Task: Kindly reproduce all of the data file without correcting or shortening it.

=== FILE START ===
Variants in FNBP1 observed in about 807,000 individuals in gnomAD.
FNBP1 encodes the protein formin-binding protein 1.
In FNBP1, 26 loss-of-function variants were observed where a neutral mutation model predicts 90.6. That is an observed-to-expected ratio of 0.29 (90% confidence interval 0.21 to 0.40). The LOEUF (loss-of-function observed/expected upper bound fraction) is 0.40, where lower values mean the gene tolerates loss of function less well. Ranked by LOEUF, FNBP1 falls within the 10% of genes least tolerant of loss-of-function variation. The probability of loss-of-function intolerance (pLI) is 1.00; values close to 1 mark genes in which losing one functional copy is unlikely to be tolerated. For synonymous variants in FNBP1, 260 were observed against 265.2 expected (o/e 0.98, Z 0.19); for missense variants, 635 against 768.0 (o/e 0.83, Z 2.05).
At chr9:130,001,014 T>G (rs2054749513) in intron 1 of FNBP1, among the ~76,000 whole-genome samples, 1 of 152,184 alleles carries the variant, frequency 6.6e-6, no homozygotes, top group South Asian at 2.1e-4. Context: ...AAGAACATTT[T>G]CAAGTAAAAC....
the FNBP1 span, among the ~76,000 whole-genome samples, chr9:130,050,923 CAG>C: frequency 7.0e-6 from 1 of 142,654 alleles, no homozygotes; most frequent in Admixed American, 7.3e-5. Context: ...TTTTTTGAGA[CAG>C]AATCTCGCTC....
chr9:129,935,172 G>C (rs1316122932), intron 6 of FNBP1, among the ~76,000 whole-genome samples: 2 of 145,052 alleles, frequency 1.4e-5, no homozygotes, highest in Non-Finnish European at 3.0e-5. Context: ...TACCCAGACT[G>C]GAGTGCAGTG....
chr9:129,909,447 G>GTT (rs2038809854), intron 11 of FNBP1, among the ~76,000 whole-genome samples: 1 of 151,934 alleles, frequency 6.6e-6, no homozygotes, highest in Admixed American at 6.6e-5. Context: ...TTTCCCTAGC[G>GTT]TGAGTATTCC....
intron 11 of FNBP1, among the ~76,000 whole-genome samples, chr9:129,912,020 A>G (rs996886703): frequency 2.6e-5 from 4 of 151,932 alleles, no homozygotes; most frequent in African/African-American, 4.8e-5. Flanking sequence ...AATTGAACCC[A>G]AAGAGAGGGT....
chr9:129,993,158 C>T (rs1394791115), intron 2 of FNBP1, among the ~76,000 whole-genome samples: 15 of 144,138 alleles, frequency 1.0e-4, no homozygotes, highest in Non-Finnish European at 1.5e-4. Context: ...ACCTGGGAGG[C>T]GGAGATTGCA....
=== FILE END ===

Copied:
Variants in FNBP1 observed in about 807,000 individuals in gnomAD.
FNBP1 encodes the protein formin-binding protein 1.
In FNBP1, 26 loss-of-function variants were observed where a neutral mutation model predicts 90.6. That is an observed-to-expected ratio of 0.29 (90% confidence interval 0.21 to 0.40). The LOEUF (loss-of-function observed/expected upper bound fraction) is 0.40, where lower values mean the gene tolerates loss of function less well. Ranked by LOEUF, FNBP1 falls within the 10% of genes least tolerant of loss-of-function variation. The probability of loss-of-function intolerance (pLI) is 1.00; values close to 1 mark genes in which losing one functional copy is unlikely to be tolerated. For synonymous variants in FNBP1, 260 were observed against 265.2 expected (o/e 0.98, Z 0.19); for missense variants, 635 against 768.0 (o/e 0.83, Z 2.05).
At chr9:130,001,014 T>G (rs2054749513) in intron 1 of FNBP1, among the ~76,000 whole-genome samples, 1 of 152,184 alleles carries the variant, frequency 6.6e-6, no homozygotes, top group South Asian at 2.1e-4. Context: ...AAGAACATTT[T>G]CAAGTAAAAC....
the FNBP1 span, among the ~76,000 whole-genome samples, chr9:130,050,923 CAG>C: frequency 7.0e-6 from 1 of 142,654 alleles, no homozygotes; most frequent in Admixed American, 7.3e-5. Context: ...TTTTTTGAGA[CAG>C]AATCTCGCTC....
chr9:129,935,172 G>C (rs1316122932), intron 6 of FNBP1, among the ~76,000 whole-genome samples: 2 of 145,052 alleles, frequency 1.4e-5, no homozygotes, highest in Non-Finnish European at 3.0e-5. Context: ...TACCCAGACT[G>C]GAGTGCAGTG....
chr9:129,909,447 G>GTT (rs2038809854), intron 11 of FNBP1, among the ~76,000 whole-genome samples: 1 of 151,934 alleles, frequency 6.6e-6, no homozygotes, highest in Admixed American at 6.6e-5. Context: ...TTTCCCTAGC[G>GTT]TGAGTATTCC....
intron 11 of FNBP1, among the ~76,000 whole-genome samples, chr9:129,912,020 A>G (rs996886703): frequency 2.6e-5 from 4 of 151,932 alleles, no homozygotes; most frequent in African/African-American, 4.8e-5. Flanking sequence ...AATTGAACCC[A>G]AAGAGAGGGT....
chr9:129,993,158 C>T (rs1394791115), intron 2 of FNBP1, among the ~76,000 whole-genome samples: 15 of 144,138 alleles, frequency 1.0e-4, no homozygotes, highest in Non-Finnish European at 1.5e-4. Context: ...ACCTGGGAGG[C>T]GGAGATTGCA....